I didn’t like Python when I was first introduced to it a couple of years ago. Since that time I’ve learned that it is a great quick-n-dirty language that can be used to build an app or what we used to call a “hack”. The extent of its built-in features and the enormous amount of open source code makes it a natural do-it-yourself language.

Install Tool Chain or Installation Scripts

The first step is to install several tools to facilitate installation of Python modules.

sudo apt-get install -y python-pip git
sudo apt-get install -y build-essential python-dev python-smbus
sudo apt-get install i2c-tools

I like to use Flask so install the following for a basic environment.

sudo pip install flask 
sudo pip install requests 
sudo pip install flask-httpauth

My do-it-yourself home automation system uses MQTT for messaging. My Python apps subscribe and publish using the Paho implementation.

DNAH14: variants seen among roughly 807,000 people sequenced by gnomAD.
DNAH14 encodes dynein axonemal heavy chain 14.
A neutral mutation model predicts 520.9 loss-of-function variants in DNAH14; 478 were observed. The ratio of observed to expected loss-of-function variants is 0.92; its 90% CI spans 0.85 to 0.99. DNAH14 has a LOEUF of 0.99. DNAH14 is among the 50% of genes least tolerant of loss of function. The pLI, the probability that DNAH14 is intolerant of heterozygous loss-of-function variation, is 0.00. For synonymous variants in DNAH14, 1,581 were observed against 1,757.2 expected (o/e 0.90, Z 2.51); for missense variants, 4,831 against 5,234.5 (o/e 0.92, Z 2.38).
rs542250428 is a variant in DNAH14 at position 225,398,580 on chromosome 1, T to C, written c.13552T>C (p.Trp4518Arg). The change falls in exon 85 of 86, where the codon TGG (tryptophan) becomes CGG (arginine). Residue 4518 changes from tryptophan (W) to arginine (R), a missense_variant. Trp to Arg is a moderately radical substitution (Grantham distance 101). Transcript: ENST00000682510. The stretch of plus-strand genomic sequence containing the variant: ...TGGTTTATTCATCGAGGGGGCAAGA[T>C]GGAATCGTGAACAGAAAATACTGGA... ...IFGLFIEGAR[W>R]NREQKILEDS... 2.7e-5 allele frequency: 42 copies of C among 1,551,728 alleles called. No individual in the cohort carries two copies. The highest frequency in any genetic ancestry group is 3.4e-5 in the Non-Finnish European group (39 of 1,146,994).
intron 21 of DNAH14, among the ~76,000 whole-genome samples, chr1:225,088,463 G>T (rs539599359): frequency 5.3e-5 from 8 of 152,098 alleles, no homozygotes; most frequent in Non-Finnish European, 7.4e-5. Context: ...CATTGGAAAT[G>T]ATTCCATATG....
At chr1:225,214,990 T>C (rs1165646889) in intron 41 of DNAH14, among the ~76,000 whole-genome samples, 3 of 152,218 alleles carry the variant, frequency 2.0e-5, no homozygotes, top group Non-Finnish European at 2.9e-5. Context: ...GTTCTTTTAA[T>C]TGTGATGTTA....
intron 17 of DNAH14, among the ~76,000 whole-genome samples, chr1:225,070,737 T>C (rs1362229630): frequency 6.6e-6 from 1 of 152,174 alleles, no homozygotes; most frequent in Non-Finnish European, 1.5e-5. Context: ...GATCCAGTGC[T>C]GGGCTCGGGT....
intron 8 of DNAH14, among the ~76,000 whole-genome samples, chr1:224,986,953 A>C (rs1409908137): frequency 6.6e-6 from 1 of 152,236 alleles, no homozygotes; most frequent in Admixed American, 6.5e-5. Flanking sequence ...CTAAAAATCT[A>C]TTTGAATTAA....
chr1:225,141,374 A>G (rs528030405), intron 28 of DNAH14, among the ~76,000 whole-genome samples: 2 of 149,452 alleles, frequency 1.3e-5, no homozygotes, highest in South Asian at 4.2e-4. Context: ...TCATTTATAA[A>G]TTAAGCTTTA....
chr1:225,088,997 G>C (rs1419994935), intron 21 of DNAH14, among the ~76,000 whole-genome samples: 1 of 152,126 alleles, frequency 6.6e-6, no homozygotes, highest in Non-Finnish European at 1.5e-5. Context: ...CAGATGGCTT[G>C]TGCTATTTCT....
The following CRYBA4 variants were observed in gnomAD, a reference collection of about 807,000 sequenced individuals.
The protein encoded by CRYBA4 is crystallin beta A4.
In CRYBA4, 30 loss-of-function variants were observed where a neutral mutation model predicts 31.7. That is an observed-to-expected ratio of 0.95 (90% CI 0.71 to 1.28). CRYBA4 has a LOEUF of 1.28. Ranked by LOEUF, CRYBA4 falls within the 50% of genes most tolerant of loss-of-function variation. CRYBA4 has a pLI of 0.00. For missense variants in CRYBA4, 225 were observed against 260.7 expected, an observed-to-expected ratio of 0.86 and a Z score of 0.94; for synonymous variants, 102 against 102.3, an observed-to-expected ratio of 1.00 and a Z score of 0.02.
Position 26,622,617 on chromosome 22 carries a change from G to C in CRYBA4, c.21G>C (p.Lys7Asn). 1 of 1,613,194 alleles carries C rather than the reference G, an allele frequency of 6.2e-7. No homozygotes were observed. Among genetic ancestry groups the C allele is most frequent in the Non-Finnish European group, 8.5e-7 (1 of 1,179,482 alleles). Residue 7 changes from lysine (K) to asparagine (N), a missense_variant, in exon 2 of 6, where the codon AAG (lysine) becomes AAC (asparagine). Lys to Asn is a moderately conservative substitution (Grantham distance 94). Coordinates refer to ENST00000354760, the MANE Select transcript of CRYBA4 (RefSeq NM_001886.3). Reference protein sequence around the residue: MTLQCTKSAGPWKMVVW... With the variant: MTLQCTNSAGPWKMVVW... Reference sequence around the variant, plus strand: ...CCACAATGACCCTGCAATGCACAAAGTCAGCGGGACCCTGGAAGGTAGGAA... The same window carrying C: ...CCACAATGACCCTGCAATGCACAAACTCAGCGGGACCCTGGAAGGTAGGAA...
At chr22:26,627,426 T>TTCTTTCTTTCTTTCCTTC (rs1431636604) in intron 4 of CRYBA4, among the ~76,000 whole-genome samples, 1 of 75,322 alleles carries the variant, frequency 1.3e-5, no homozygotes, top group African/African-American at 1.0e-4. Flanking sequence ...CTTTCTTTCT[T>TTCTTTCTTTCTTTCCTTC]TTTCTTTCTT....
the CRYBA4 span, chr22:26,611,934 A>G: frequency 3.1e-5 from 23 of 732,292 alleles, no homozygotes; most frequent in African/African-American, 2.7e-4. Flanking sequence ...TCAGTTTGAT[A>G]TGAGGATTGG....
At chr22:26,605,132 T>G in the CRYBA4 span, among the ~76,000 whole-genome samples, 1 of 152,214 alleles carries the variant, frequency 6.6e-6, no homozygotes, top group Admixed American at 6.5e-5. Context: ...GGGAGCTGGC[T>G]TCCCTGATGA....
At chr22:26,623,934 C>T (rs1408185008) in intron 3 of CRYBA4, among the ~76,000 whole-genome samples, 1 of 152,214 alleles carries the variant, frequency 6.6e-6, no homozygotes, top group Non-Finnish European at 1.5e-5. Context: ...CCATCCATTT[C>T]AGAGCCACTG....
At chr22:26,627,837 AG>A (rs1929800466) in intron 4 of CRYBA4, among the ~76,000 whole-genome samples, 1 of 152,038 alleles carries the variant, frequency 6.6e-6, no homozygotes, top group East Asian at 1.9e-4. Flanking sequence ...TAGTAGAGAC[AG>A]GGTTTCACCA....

sudo pip install paho-mqtt

I like to use Adafruit’s I2C backpack for LED and OLED devices. Their libraries usually require the Python imaging module.

sudo apt-get -y install python-imaging python-pil

Add Adafruit libraries for the most common devices. I like to use the GPIO, LED backpack and OLED displays for almost every project.  Upgrade pip to use setup wheel

sudo python -m pip install --upgrade pip setuptools wheel

Start with the GPIO stuff. I like to use a directory called /home/pi/systemd.

mkdir systemd
cd systemed
git clone
cd Adafruit_Python_GPIO
sudo python install

Add OLED python class:

git clone
cd Adafruit_Python_SSD1306
sudo python install

Add the LED backpack class:

git clone 
cd Adafruit_Python_LED_Backpack
sudo python install

Sync and reboot. The next step depends on your project device.